We are a commune of inquiring, skeptical, politically centrist, capitalist, anglophile, traditionalist New England Yankee humans, humanoids, and animals with many interests beyond and above politics. Each of us has had a high-school education (or GED), but all had ADD so didn't pay attention very well, especially the dogs. Each one of us does "try my best to be just like I am," and none of us enjoys working for others, including for Maggie, from whom we receive neither a nickel nor a dime. Freedom from nags, cranks, government, do-gooders, control-freaks and idiots is all that we ask for.
Our Recent Essays Behind the Front Page
Tuesday, March 6. 2012
Lots of good food for thought here.
The Chaotic Legacy of the Classroom Radicals. He begins:
Butler at National Journal: The Coming Higher-Ed Revolution. He begins:
A discussion in the NYT: Should College be for Everyone?
And about high school, from Lulu at Bookworm:
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I work in computer network operations. The gentleman next to me is a team leader, responsible for leading a group of people whose job it is to dive into difficult issues of network, application and server misbehavior and figure out what the problem is and what to do to fix it. He was recently promoted to that job after some years of handling such problems - and the customers who have them - in an exemplary fashion.
He's never spent a day in college, and he's got to be making at least $65K, probably more.
He did spend a few years in the U.S. Army, where he learned things like self-discipline, how to give and take an order, how to organize and execute tasks, and all kinds of other things that a) employers need and value and b) you don't learn in college (or at least can readily graduate without learning). But God forbid that high school guidance counselors, faced with a kid who is reasonably intelligent but needs some direction in life, recommend that a stint in the U.S. Military would fit a kid's needs.
By insisting that everyone should attend college, college stops being a training place for the brightest minds. When everyone goes to college, it doesn’t elevate the unmotivated, non-studying student. It lowers the bar for everyone else.
It turns college from being a place where the primary purpose is to study and learn into high school with booze and sex and drugs without having to worry about your parents coming home early.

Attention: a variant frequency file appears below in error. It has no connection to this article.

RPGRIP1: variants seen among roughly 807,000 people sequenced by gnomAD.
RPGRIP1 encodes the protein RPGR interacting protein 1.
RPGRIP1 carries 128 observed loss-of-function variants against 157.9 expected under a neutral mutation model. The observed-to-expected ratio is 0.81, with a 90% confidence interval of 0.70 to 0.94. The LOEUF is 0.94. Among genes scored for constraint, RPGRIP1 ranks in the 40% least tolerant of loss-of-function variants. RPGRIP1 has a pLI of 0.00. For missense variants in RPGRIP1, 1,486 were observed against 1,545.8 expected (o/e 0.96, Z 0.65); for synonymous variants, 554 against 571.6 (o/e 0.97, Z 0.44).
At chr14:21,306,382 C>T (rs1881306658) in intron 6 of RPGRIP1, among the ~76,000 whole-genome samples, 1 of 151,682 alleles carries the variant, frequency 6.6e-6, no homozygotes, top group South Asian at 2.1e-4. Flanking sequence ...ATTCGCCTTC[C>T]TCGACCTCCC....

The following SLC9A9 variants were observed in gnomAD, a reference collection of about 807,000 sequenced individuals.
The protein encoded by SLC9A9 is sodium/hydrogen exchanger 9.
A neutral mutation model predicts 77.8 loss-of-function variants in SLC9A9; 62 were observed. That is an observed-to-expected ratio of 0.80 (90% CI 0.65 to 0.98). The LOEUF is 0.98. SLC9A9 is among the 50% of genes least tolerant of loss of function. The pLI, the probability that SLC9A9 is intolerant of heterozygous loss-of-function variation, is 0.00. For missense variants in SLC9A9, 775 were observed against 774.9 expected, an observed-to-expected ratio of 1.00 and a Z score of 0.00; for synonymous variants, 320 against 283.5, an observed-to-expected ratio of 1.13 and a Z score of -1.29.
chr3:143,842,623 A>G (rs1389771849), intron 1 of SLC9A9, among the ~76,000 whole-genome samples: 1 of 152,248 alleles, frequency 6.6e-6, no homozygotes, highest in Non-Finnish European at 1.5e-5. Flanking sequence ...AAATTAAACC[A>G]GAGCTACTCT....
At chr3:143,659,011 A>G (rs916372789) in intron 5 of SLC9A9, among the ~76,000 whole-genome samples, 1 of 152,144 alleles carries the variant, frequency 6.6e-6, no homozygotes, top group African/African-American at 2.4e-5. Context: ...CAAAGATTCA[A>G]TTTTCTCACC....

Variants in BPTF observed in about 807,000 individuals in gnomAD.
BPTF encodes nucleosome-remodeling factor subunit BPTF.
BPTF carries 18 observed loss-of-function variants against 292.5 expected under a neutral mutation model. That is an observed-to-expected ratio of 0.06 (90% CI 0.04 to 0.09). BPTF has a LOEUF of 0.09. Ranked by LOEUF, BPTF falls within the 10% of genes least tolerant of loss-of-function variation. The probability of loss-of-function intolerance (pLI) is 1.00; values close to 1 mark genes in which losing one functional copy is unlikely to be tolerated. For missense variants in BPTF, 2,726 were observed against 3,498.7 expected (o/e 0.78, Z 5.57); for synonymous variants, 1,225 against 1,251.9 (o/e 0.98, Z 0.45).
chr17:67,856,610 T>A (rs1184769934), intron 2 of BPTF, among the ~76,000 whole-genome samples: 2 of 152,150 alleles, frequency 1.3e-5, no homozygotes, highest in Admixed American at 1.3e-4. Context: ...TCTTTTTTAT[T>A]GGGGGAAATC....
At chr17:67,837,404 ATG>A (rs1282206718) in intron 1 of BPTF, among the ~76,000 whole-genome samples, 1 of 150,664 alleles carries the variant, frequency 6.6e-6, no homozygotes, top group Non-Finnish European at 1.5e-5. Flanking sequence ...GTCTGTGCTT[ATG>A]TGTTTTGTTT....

Here is a 2006 TED talk that explains a lot.
Few facts from the talk:
Our current education system is design to create university professors. The reason for the constant pushing of the life of the mind, is because that is the life of the professor but what about those who don't get tenure or go to the end.
He states UNESCO predicts in now 24 years there will be more people graduated from education than have up to this point in history. Thus the reason a college degree isn't quite as valuable as before.
The anecdote about Gillian Lynne is telling. Sadly in the age of Ritalin, not many doctors will diagnose a kid as "not sick, but a dancer" So how many kids are doped rather than directed into fields other than the university they might find beneficial.
As for Education 2.0, well that is going to be real different and it is going to leave the over-priced campus to those who can afford a 4-yr vacation as soon as the credentials monopoly is wrested from them.
Until now, access to the books/knowledge was the limiting factor. Now we have the internet with knowledge pouring out of it. Watch this TED video that shows even language isn't a barrier for a small group of children with a desire to learn.
Next big thing in education: Granny Cloud.
And if you refine their interaction with the kids by using the problem method of teaching asking thought questions rather than recitation of unorganized facts.
Here's a couple of quotes from students who were switched to the problem method of teaching
"I think this is a good way of teaching because it gives the pupils initiative and self-reliance. It helped me to like school because now the class is more interesting. If I do not believe a thing, I now ask the pupils questions about it. This method is better than the old, because when the teacher went out of the room the class would have to stop, but now when she goes out the class goes on just as though she were present."
"This method is very good because it teaches boys and girls to think independently and they learn how to solve problems in later life. It has taught me to like school because it keeps me so wide-awake that I cannot do anything but get into the discussions and debates. If a pupil is interested in anything, he will certainly learn. Under our new method the pupil has to think and he is more positive than when the teacher tells him. There are never any slackers now."
Oh, those were students in 1918. Yet for some reason we lost this method. We now have education researchers trying to determine if teaching kids critical thinking is a good idea. When 100 years ago, Frank M. McMurry made a good argument that kids have critical thinking until it is educated out of them.